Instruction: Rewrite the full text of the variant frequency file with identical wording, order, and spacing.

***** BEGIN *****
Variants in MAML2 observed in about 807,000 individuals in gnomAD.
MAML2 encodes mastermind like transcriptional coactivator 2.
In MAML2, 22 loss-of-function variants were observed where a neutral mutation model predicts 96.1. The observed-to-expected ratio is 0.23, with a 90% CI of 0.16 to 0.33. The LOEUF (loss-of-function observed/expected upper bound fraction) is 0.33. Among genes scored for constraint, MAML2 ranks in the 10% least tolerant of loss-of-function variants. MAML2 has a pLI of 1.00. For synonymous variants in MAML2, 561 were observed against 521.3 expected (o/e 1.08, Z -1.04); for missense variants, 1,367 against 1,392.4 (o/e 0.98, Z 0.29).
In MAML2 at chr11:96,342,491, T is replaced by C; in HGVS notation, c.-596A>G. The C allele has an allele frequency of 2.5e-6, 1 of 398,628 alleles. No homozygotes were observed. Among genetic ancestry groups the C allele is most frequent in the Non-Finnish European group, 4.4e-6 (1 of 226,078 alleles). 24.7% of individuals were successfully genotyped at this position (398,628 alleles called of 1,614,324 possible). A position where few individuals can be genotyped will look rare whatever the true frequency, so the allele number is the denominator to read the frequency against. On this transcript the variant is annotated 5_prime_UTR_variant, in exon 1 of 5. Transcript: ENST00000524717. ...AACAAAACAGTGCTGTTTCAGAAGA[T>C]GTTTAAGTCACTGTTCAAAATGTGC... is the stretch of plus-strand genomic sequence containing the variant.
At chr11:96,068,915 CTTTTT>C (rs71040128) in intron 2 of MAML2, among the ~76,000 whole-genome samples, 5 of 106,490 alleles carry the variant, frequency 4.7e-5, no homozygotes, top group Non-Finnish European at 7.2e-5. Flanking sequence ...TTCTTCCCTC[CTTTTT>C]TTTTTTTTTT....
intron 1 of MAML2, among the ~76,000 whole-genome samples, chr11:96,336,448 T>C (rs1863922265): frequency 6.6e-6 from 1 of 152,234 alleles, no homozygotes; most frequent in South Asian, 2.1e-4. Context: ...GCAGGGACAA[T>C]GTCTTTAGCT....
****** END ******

Variants in MAML2 observed in about 807,000 individuals in gnomAD.
MAML2 encodes mastermind like transcriptional coactivator 2.
In MAML2, 22 loss-of-function variants were observed where a neutral mutation model predicts 96.1. The observed-to-expected ratio is 0.23, with a 90% CI of 0.16 to 0.33. The LOEUF (loss-of-function observed/expected upper bound fraction) is 0.33. Among genes scored for constraint, MAML2 ranks in the 10% least tolerant of loss-of-function variants. MAML2 has a pLI of 1.00. For synonymous variants in MAML2, 561 were observed against 521.3 expected (o/e 1.08, Z -1.04); for missense variants, 1,367 against 1,392.4 (o/e 0.98, Z 0.29).
In MAML2 at chr11:96,342,491, T is replaced by C; in HGVS notation, c.-596A>G. The C allele has an allele frequency of 2.5e-6, 1 of 398,628 alleles. No homozygotes were observed. Among genetic ancestry groups the C allele is most frequent in the Non-Finnish European group, 4.4e-6 (1 of 226,078 alleles). 24.7% of individuals were successfully genotyped at this position (398,628 alleles called of 1,614,324 possible). A position where few individuals can be genotyped will look rare whatever the true frequency, so the allele number is the denominator to read the frequency against. On this transcript the variant is annotated 5_prime_UTR_variant, in exon 1 of 5. Transcript: ENST00000524717. ...AACAAAACAGTGCTGTTTCAGAAGA[T>C]GTTTAAGTCACTGTTCAAAATGTGC... is the stretch of plus-strand genomic sequence containing the variant.
At chr11:96,068,915 CTTTTT>C (rs71040128) in intron 2 of MAML2, among the ~76,000 whole-genome samples, 5 of 106,490 alleles carry the variant, frequency 4.7e-5, no homozygotes, top group Non-Finnish European at 7.2e-5. Flanking sequence ...TTCTTCCCTC[CTTTTT>C]TTTTTTTTTT....
intron 1 of MAML2, among the ~76,000 whole-genome samples, chr11:96,336,448 T>C (rs1863922265): frequency 6.6e-6 from 1 of 152,234 alleles, no homozygotes; most frequent in South Asian, 2.1e-4. Context: ...GCAGGGACAA[T>C]GTCTTTAGCT....